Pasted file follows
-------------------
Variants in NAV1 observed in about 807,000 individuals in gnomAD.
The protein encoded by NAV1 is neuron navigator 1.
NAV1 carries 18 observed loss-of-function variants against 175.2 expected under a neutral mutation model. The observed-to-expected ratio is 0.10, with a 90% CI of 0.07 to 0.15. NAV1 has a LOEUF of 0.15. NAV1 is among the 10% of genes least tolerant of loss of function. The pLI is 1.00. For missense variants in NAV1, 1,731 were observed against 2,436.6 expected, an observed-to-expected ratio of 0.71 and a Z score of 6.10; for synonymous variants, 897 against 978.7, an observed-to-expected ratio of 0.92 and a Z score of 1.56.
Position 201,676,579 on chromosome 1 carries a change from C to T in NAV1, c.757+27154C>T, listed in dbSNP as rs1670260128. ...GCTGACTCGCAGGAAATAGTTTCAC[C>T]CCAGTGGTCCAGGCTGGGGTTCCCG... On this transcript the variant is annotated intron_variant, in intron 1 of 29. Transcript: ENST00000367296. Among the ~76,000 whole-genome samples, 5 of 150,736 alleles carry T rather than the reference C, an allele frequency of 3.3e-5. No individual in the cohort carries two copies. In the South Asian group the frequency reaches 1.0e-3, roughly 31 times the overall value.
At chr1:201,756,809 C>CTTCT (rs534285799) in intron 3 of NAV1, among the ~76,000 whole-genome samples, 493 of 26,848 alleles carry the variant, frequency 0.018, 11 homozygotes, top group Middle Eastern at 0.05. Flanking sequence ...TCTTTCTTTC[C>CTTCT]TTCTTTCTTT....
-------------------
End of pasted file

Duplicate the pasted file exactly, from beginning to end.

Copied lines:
Variants in NAV1 observed in about 807,000 individuals in gnomAD.
The protein encoded by NAV1 is neuron navigator 1.
NAV1 carries 18 observed loss-of-function variants against 175.2 expected under a neutral mutation model. The observed-to-expected ratio is 0.10, with a 90% CI of 0.07 to 0.15. NAV1 has a LOEUF of 0.15. NAV1 is among the 10% of genes least tolerant of loss of function. The pLI is 1.00. For missense variants in NAV1, 1,731 were observed against 2,436.6 expected, an observed-to-expected ratio of 0.71 and a Z score of 6.10; for synonymous variants, 897 against 978.7, an observed-to-expected ratio of 0.92 and a Z score of 1.56.
Position 201,676,579 on chromosome 1 carries a change from C to T in NAV1, c.757+27154C>T, listed in dbSNP as rs1670260128. ...GCTGACTCGCAGGAAATAGTTTCAC[C>T]CCAGTGGTCCAGGCTGGGGTTCCCG... On this transcript the variant is annotated intron_variant, in intron 1 of 29. Transcript: ENST00000367296. Among the ~76,000 whole-genome samples, 5 of 150,736 alleles carry T rather than the reference C, an allele frequency of 3.3e-5. No individual in the cohort carries two copies. In the South Asian group the frequency reaches 1.0e-3, roughly 31 times the overall value.
At chr1:201,756,809 C>CTTCT (rs534285799) in intron 3 of NAV1, among the ~76,000 whole-genome samples, 493 of 26,848 alleles carry the variant, frequency 0.018, 11 homozygotes, top group Middle Eastern at 0.05. Flanking sequence ...TCTTTCTTTC[C>CTTCT]TTCTTTCTTT....